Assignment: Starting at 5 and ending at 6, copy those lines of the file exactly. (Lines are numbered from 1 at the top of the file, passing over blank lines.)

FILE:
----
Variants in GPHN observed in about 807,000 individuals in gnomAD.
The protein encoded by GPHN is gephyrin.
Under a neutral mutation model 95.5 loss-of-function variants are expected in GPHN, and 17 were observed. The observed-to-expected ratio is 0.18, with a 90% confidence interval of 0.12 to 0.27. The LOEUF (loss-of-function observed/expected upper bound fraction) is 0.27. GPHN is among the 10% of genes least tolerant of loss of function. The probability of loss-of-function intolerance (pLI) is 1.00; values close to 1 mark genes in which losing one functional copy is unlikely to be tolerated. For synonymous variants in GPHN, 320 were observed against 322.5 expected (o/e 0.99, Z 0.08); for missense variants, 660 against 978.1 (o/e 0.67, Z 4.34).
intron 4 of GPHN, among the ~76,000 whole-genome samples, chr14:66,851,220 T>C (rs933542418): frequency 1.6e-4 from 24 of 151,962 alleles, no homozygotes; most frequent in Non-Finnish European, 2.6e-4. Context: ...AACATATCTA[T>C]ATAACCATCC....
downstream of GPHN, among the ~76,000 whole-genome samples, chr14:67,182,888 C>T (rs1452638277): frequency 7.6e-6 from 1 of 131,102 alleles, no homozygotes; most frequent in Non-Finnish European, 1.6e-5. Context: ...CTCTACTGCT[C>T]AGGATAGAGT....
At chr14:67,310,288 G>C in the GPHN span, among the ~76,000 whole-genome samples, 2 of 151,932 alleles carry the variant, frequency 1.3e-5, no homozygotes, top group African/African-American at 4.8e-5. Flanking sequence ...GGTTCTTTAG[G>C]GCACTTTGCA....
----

downstream of GPHN, among the ~76,000 whole-genome samples, chr14:67,182,888 C>T (rs1452638277): frequency 7.6e-6 from 1 of 131,102 alleles, no homozygotes; most frequent in Non-Finnish European, 1.6e-5. Context: ...CTCTACTGCT[C>T]AGGATAGAGT....
At chr14:67,310,288 G>C in the GPHN span, among the ~76,000 whole-genome samples, 2 of 151,932 alleles carry the variant, frequency 1.3e-5, no homozygotes, top group African/African-American at 4.8e-5. Flanking sequence ...GGTTCTTTAG[G>C]GCACTTTGCA....